Running: How to Get Started
What are the benefits of running?
Running demands a lot from your body, and it gives back a lot in return. Like any other aerobic exercise, it will strengthen your heart and lungs, giving you more stamina to get through your day. Running also reduces stress, tones your lower body, and burns up to 1,000 calories an hour.
How do I get started?
The first thing you should do is get a good pair of running shoes. Shop at a store with a knowledgeable salesperson who can help you find a shoe that fits your particular shape of foot. If you have high arches, you'll want some extra padding. If you have flat feet, you'll need a more rigid sole for control. Whatever shoe you get, you'll want a new pair every 400 to 500 miles.
Once you have your shoes, you'll need to choose a location. The local high-school track is a good place for beginners; the surface is likely to be forgiving, and you can easily keep tabs on your distance. (The typical track is a quarter-mile long.)
You might soon get bored of running in circles in the same place, though. Consider running around your neighborhood, on jogging paths, a beach or around a nearby park. Make sure the surface is relatively smooth and even. Of course, it's not safe to run alone in a place that is secluded or to run somewhere that isn't well-lit, especially near traffic.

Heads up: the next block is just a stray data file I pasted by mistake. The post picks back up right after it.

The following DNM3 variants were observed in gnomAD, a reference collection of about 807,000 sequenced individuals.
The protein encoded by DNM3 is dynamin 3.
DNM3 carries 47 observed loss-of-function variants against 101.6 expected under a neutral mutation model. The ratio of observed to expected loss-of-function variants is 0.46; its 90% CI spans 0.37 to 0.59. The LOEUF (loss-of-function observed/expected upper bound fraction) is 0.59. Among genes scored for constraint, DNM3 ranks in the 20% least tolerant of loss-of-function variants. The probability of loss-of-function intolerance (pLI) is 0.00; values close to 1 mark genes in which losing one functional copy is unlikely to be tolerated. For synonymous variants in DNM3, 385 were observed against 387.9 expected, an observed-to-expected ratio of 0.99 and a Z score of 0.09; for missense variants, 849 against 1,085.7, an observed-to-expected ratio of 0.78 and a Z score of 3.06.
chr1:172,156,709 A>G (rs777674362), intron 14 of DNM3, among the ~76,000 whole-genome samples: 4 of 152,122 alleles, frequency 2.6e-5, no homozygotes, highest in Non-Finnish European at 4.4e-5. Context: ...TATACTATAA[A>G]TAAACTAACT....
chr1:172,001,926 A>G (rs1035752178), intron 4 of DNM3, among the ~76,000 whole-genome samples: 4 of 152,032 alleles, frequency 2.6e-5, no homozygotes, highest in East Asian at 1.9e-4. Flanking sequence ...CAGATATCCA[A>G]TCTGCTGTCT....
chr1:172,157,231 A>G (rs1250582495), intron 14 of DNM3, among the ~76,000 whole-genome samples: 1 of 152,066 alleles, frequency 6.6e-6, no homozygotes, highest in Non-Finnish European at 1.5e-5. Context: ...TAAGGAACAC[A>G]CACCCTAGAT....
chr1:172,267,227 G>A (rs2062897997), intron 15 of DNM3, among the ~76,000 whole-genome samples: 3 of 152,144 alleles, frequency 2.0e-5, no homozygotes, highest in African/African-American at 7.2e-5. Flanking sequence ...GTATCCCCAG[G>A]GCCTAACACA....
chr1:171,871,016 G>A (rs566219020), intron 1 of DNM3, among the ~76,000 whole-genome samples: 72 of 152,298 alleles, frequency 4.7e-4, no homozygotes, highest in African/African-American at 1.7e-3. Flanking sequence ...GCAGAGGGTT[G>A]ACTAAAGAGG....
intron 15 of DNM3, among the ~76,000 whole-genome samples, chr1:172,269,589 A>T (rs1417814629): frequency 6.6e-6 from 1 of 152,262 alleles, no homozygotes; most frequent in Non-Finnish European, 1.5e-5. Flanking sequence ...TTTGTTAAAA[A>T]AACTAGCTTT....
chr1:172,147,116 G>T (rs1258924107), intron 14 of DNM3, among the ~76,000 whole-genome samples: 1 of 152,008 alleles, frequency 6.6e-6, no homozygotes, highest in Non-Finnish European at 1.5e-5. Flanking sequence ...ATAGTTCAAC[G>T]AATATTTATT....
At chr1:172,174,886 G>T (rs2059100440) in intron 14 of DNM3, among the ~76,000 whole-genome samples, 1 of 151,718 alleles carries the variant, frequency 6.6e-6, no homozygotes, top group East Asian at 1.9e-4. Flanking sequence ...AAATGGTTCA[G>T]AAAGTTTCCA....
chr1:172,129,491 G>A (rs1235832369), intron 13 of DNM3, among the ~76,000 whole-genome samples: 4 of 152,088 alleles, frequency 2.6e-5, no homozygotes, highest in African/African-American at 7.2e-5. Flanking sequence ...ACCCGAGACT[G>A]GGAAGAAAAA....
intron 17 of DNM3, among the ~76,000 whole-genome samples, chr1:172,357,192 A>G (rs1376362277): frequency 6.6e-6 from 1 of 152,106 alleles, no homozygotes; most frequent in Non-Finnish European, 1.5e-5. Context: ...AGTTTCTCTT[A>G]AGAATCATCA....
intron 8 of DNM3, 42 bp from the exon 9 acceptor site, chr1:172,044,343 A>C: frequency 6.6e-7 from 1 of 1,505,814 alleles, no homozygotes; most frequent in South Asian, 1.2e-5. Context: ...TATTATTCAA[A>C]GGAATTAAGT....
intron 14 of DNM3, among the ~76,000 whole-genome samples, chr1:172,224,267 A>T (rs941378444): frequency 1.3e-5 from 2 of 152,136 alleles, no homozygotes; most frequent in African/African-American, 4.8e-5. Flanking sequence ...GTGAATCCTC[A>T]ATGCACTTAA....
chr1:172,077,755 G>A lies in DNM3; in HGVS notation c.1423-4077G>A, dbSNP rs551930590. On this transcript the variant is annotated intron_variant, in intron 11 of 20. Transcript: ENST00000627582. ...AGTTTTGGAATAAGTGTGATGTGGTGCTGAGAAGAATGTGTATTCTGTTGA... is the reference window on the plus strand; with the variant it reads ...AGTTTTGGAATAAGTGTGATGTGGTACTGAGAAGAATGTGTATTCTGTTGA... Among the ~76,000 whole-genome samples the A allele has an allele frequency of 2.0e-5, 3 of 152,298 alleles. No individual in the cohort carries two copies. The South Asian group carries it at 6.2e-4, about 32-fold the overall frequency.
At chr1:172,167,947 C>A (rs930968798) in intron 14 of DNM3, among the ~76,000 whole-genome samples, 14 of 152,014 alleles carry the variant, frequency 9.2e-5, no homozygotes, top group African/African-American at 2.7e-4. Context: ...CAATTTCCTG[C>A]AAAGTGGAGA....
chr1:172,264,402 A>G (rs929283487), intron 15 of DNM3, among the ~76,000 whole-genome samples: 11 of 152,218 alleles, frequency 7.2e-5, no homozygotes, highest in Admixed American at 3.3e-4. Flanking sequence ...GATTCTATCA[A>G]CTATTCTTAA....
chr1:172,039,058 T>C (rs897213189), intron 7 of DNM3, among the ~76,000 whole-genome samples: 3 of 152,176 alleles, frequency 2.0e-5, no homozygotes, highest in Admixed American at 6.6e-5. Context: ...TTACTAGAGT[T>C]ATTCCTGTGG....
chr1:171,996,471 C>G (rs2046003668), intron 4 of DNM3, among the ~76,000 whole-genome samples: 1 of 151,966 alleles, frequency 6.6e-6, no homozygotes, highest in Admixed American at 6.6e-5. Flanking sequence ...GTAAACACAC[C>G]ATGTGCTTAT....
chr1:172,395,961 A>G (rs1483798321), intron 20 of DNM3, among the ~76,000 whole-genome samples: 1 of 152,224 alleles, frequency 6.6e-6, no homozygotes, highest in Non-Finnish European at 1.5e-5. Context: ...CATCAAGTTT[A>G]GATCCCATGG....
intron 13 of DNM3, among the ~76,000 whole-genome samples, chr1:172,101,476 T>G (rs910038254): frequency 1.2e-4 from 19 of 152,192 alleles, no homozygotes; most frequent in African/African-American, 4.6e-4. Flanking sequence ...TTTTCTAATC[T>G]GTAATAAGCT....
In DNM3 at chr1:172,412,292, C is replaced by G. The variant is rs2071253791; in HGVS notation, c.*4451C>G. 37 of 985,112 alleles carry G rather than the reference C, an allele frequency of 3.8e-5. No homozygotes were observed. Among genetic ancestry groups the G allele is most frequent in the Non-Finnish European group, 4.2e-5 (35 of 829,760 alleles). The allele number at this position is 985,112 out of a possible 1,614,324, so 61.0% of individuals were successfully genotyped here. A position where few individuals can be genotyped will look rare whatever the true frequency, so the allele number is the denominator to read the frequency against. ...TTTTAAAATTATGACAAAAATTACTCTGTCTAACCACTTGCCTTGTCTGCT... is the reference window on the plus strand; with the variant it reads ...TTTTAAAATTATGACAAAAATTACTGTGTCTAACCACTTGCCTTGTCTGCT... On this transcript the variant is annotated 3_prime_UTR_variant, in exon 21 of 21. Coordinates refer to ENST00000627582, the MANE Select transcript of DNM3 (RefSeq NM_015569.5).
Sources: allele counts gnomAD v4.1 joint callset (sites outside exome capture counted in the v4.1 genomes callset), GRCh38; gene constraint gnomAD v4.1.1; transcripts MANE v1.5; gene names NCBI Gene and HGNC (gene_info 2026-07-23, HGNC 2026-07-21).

How often and how far should I run?
Three times a week is a good goal to shoot for. Anything more than that will just increase your risk of injury but won't do a lot for your endurance. If you're just getting started, try jogging slowly for 15 minutes. If you're breathing so hard that you can't carry on a conversation, you need to slow down or take a break. Within six to eight weeks, you should be able to run for 30 minutes straight.
New runners often push themselves too far too fast, which is a recipe for shin splints, stress fractures, or other overuse injuries. You can protect yourself by increasing your distance by no more than 10 percent each week.
What's a good running technique?
Before breaking into a full run, it's a good idea to warm up for a few minutes with a slow jog or brisk walk. When you run, relax your shoulders so your arms swing easily at your side. You can mix up the pace with 15-30 second bursts of sprinting. When you're done, cool down with a few minutes of walking.
Running can stress your joints, so you should check with your doctor if you have any joint or back problems. And since it works the heart, you'll also want to talk to your doctor if you have a history of heart trouble.
National Health Service. Getting started: Running. 2010.
American Academy of Family Physicians. Running: preventing overuse injuries. 2010.
American Council on Exercise. Can you offer some basic guidelines for avoiding overuse injuries associated with running? 2010.